10: Kings of the North: Northumbria’s Ascent
Delve into the Northumbria region in the 7th century. Here, you will start by considering the ebb and flow of Anglo-Saxon hegemony in the north and northwest. Find out about some of Northumbria’s great leaders, the economy around lifestock and herding, and the importance of the city of York.
11: Northumbria’s Century of Renaissance
Continue your study of northern England with an exploration of the so-called Northumbrian Renaissance. Review some of the major literary manuscripts from the period, including early translations of the Gospels into Old English. Then shift your attention to the Venderable Bede, one of English history’s most important scholars.
12: Rise of the Midlands: Mercia’s Hegemony
In this lecture, you will transition from Northumbria to the kingdom of Mercia in the midlands. The Mercian hegemony is important to English history because during an era of political expansion and consolidation, Mercia connected England to the European continent. Dig into the reign of two major kings and their role in Mercia’s success.
13: Anglo-Saxon Law and Warfare
You have seen how a series of Anglo-Saxon kingdoms filled the vacuum left by the Romans. In this lecture, you will dive into the role of law and warfare in forging these kingdoms. Find out how war was waged in this period and explore a few military tactics and weapons. Then turn to the rise of legal codes and charters.
14: Fury of the Northmen: The Vikings Arrive
The Vikings—seafaring raiders, settlers, and traders from Scandinavia—burst onto the British scene in the 8th century with terrifying power, and they posed an existential threat to the newly minted Anglo-Saxon kingdoms. Witness this invasion and examine how the Vikings helped shape and define the country we know as England.
15: Alfred the Great: Defender of England
In this lecture, Professor Paxton discusses arguably the most important ruler in the history of Anglo-Saxon England. In addition to saving the island from being overrun by Vikings, Alfred the Great kicked off an intellectual and religious renaissance. Here, you will focus on Alfred as a military leader and defender of England.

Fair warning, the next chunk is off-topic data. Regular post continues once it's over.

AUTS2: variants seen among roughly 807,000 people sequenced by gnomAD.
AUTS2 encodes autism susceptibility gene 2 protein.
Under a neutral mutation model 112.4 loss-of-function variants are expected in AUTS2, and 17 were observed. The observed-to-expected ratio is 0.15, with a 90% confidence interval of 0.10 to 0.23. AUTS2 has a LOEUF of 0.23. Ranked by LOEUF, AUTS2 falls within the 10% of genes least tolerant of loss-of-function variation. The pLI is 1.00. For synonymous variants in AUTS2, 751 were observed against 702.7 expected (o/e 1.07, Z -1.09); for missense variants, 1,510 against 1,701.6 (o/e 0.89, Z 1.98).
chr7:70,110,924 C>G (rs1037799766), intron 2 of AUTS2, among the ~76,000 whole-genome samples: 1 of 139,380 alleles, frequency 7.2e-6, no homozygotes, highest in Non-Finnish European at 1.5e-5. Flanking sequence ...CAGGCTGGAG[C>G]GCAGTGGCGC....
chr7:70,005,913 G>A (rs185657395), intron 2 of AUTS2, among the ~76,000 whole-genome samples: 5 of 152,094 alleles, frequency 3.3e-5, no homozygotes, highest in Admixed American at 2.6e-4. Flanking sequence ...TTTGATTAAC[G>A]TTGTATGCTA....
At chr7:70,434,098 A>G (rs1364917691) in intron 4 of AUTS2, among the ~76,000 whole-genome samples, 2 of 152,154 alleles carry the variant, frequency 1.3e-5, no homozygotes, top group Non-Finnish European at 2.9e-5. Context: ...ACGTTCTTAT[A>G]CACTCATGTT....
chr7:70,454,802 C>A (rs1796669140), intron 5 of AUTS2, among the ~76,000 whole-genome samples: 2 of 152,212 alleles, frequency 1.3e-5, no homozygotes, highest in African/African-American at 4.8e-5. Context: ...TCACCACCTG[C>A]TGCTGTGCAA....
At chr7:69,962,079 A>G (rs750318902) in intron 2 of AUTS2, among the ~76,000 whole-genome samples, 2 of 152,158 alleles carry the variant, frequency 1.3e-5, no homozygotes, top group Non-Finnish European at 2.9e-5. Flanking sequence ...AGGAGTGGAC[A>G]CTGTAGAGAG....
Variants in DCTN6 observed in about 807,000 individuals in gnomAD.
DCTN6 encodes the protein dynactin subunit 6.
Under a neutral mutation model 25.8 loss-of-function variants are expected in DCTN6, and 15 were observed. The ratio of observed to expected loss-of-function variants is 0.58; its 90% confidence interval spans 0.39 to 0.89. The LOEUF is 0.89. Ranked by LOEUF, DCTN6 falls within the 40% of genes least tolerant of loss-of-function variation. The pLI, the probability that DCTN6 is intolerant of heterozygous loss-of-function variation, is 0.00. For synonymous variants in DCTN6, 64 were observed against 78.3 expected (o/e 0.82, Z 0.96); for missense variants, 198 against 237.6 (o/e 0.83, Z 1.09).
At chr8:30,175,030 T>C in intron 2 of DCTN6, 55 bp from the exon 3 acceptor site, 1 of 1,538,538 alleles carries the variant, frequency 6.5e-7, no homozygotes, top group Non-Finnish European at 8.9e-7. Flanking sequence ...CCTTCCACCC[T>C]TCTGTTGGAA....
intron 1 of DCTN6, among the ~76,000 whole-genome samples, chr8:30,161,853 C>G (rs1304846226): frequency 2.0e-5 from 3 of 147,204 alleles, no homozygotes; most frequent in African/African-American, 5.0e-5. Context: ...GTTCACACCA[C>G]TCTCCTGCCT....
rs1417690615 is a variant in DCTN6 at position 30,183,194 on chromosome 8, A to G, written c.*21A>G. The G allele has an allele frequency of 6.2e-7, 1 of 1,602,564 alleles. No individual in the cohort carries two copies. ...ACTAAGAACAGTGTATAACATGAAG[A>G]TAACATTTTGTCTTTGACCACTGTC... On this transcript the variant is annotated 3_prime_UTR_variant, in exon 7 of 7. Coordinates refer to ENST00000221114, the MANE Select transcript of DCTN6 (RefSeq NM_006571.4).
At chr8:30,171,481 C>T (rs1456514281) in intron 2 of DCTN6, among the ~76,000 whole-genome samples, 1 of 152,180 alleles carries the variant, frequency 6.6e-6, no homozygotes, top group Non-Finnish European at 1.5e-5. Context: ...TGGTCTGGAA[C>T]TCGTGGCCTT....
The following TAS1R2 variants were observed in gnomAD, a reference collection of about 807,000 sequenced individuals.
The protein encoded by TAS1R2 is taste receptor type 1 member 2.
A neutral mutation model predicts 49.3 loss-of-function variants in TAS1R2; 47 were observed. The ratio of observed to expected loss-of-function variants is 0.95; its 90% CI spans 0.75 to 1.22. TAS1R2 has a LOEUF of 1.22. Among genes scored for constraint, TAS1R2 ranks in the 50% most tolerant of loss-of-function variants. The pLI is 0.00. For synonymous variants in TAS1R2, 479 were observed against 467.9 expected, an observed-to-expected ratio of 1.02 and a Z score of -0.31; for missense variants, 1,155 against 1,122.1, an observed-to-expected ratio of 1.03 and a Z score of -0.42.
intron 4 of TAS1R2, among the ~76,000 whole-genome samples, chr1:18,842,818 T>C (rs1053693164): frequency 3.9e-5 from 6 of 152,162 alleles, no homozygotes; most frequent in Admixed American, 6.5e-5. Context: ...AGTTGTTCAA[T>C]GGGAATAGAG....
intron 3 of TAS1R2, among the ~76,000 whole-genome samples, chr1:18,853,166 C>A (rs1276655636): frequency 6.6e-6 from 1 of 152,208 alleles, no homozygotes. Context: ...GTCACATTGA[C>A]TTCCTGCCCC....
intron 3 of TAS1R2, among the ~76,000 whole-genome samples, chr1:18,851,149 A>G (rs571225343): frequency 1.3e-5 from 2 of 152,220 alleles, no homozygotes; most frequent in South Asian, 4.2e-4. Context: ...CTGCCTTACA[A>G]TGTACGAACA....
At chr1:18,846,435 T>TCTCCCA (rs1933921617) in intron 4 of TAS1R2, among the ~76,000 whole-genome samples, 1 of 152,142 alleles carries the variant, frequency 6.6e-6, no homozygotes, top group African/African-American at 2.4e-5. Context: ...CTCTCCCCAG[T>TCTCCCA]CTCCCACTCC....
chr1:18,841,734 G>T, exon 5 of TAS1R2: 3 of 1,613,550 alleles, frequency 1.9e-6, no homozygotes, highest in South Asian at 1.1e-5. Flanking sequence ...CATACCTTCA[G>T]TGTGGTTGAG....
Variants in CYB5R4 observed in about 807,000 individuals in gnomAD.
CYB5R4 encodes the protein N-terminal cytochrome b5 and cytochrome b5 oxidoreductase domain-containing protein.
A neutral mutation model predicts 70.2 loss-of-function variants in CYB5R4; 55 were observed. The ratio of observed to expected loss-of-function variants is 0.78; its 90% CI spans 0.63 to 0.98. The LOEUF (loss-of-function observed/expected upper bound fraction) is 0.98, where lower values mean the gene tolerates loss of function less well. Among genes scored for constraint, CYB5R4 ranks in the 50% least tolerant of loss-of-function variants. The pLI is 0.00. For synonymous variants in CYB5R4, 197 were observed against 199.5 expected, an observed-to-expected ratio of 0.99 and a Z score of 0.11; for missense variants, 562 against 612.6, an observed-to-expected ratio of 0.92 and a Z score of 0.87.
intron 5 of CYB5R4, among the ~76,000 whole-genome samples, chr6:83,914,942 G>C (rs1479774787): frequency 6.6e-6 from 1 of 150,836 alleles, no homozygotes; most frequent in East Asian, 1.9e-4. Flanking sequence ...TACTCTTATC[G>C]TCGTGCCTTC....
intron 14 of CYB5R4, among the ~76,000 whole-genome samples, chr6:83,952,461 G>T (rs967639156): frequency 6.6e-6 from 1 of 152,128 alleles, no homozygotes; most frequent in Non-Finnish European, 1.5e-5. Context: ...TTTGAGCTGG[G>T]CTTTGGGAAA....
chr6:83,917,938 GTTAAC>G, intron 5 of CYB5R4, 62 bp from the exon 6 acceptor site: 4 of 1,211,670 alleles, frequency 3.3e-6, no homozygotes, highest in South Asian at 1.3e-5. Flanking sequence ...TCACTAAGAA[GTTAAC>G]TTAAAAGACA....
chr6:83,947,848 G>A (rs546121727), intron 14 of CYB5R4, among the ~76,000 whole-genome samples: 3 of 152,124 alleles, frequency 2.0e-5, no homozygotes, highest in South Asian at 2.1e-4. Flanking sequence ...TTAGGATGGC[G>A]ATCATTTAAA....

16: Alfred the Great: Builder of Institutions
Continue your study of Alfred the Great, who in addition to being a great military leader also tended to the spiritual and intellectual well-being of his people. Review Alfred’s efforts at educating the populace, and then watch as he tries to extend the power of Wessex and position himself as the English Charlemagne.
17: Beowulf and Anglo-Saxon Literature
Literature is one of the true glories of Anglo-Saxon culture, and perhaps nowhere is this more apparent today than the great poem Beowulf. After giving an overview of Old English poetry, Professor Paxton revels in the adventures of the warrior Beowulf and his story of mayhem and plunder.
18: Together at Last: Wessex Unites England
After the death of Alfred the Great, the major question was whether his successors would be able to build on his legacy. Go back to 10th century England to meet the rulers of this new kingdom, which was beginning to coalesce into a united “England.” Explore the uniformity of law and administration that was emerging.
19: Monastic Reform: A Tale of Three Saints
As you have seen, political change often paralleled religious upheaval. In the middle of the 10th century, while the kings of Wessex were forging a united England, a trio of monks took over leadership of the church and instituted a number of reforms. Meet the bishops and archbishops who led these monastic changes.
20: The Golden Age of Anglo-Saxon Art
England in the 10th century enjoyed both peace and prosperity, which created a golden age of art. From lavishly illustrated manuscripts and precious metal engravings to paintings and lavish textiles, this period saw visual triumphs in every medium. See some of the masterpieces that have survived and learn about the story behind them.
21: Unfinished Business: The Vikings Return
As is the case in all of history, peace and prosperity only last so long. In the 10th century, trouble began in England around who would succeed Edgar the Peaceable. In the wake of this succession crisis, the Vikings returned and struck with great force. Delve into this bloody invasion and gain a sense of an England beseiged.
22: Cnut the Great and the Danish Conquest
After years of strife, 1016 was a momentous year in English history. Witness the events that led to the Danish invasion, and see how these new conquerors successfully ruled for several decades. Find out how King Cnut reshaped the English aristocracy, and then explore the fallout of the succession crisis after his death.
23: 1066 and the Norman Conquest
By the 1060s, England had faced nearly a century of political tumult. A series of succession crises eventually led to William, Duke of Normandy, invading England at Hastings. King Harold rushed to defend the city, but the Battle of Hastings changed the course of English history. Go inside this world-shaping moment.
24: Aftermath: From Anglo-Saxon to English
This course began with the arrival of new settlers who transformed Britain. Here, the course ends with the last gasps of English resistance against Normans in the 11th century. Meet the rebels and witness the battles that led to a new synthesis of Norman and English cultures, resulting in what would become one of the most stable and enduring kingdoms in Europe.